By Jeff Bailey
In Warren Buffett's annual letter to Berkshire Hathaway (NYSE:BRK.B) shareholders, released over the weekend -- after the standard table showing that in four out of the past five years the company's per-share book value failed to beat the advance in the S&P 500 - the old guy quickly got around to defending his performance.
Berkshire's intrinsic value "far exceeds its book value," Buffett wrote, and by a margin that has widened in recent years.
"That's why our 2012 decision to authorize the repurchase of shares at 120% of book value made sense. Purchases at that level benefit continuing shareholders because per-share intrinsic value exceeds that percentage of book value by a meaningful amount. We did not purchase shares during 2013, however, because the stock price did not descend to the 120% level. If it does, we will be aggressive."
Money where his mouth is, and all that.
BRK.B Price to Book Value data by YCharts
I include the S&P 500 in the above chart as a reminder that the market is at record highs and that many fear a correction ahead. Sure, Berkshire stock could nosedive for reasons peculiar to the company, and the market could continue sailing upward. But that seems unlikely. Absent some significant business problem, Berkshire is a hedge against bad times. Its our-book-value vs. the-S&P 500 performance comparison does best in down years. And Buffett runs the company with lots of cash and relatively low debt.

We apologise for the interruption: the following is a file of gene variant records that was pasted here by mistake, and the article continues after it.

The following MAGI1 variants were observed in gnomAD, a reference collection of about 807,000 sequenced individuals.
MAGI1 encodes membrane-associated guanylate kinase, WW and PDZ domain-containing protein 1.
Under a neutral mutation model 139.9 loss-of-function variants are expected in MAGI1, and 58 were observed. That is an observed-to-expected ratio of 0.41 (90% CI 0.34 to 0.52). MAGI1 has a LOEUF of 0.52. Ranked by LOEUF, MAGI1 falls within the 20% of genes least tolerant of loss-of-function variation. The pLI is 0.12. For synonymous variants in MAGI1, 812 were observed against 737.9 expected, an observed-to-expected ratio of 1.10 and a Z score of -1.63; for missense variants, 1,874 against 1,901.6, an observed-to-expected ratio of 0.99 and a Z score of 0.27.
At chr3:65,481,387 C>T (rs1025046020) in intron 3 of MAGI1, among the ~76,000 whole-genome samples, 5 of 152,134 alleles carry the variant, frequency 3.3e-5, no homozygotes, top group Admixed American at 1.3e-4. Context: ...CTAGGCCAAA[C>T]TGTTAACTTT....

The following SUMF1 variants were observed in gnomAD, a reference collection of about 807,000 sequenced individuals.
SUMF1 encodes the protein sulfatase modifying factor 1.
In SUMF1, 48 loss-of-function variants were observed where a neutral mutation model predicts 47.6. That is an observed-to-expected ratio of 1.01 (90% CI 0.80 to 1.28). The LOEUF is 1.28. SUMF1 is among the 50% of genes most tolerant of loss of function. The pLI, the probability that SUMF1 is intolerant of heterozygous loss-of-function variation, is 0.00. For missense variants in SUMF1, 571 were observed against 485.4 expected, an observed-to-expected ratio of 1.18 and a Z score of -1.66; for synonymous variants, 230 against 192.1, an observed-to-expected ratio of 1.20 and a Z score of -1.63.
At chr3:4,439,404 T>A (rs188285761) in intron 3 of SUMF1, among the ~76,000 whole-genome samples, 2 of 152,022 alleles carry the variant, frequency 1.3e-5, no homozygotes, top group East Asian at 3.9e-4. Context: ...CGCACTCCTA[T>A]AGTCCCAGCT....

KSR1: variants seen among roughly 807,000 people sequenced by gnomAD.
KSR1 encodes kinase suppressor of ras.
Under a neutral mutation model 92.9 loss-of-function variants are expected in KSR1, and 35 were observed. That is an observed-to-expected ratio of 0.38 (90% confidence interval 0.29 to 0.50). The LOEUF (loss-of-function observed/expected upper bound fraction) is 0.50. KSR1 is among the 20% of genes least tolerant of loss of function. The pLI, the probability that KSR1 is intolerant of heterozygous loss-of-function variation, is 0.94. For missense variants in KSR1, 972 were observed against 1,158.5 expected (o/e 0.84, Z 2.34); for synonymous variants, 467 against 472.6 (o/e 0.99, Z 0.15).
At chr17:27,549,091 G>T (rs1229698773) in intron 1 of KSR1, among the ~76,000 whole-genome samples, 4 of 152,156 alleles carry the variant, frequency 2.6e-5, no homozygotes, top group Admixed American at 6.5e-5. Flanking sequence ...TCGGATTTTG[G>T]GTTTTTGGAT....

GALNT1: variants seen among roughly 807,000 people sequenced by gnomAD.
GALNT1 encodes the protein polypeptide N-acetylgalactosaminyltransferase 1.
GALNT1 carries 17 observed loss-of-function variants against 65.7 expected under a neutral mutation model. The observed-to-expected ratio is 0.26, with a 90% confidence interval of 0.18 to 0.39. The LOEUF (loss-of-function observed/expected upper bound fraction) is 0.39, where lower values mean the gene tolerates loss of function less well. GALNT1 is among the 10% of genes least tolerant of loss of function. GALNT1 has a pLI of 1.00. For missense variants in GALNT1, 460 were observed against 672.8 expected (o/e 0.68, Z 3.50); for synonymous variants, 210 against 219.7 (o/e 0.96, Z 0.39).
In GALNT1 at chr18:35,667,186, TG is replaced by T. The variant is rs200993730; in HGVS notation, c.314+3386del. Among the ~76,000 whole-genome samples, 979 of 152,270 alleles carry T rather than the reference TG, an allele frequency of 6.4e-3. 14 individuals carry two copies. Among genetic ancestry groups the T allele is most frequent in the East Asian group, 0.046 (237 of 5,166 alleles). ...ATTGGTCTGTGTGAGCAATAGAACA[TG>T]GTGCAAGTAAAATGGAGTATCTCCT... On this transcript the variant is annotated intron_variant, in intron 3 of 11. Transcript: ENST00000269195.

So, sure, Berkshire shares may slip below 120% of book value, even significantly below, but accompanying that development would likely be a stock market peppered with far-cheaper stocks that would tempt Buffett.
After all, in the market swoon that began in 2008, Buffett used his dry powder and his very good name to extract very favorable terms on preferred stock from Goldman Sachs (NYSE:GS), General Electric (NYSE:GE) and Bank of America (NYSE:BAC). Financial companies were in deep trouble during that period and they were cheap and vulnerable.
Bank of America, as we just wrote, went from being a life-preserver recipient to perhaps joining Buffett's Big Four - Wells Fargo (NYSE:WFC), Coca-Cola (NYSE:KO), American Express (NYSE:AXP) and International Business Machines (NYSE:IBM) - as a fifth major holding.
Financial Sector stocks mightn't be the ones to tumble most in the next significant correction, but there will certainly be bargains, and Buffett - be greedy when others are fearful - seems happiest when such deals pop up. Here, we see the stocks' performance from the start of 2008, with the economy just into a recession, to the end of March 2009, shortly after the market's bottom:
BRK.B data by YCharts
The pledge to buy Berkshire stock if it slips below 120% of book value gives added downside peace of mind to stockholders. But the other things Buffett could do with Berkshire's money in a deep correction might prove far more profitable.
Disclosure: No positions.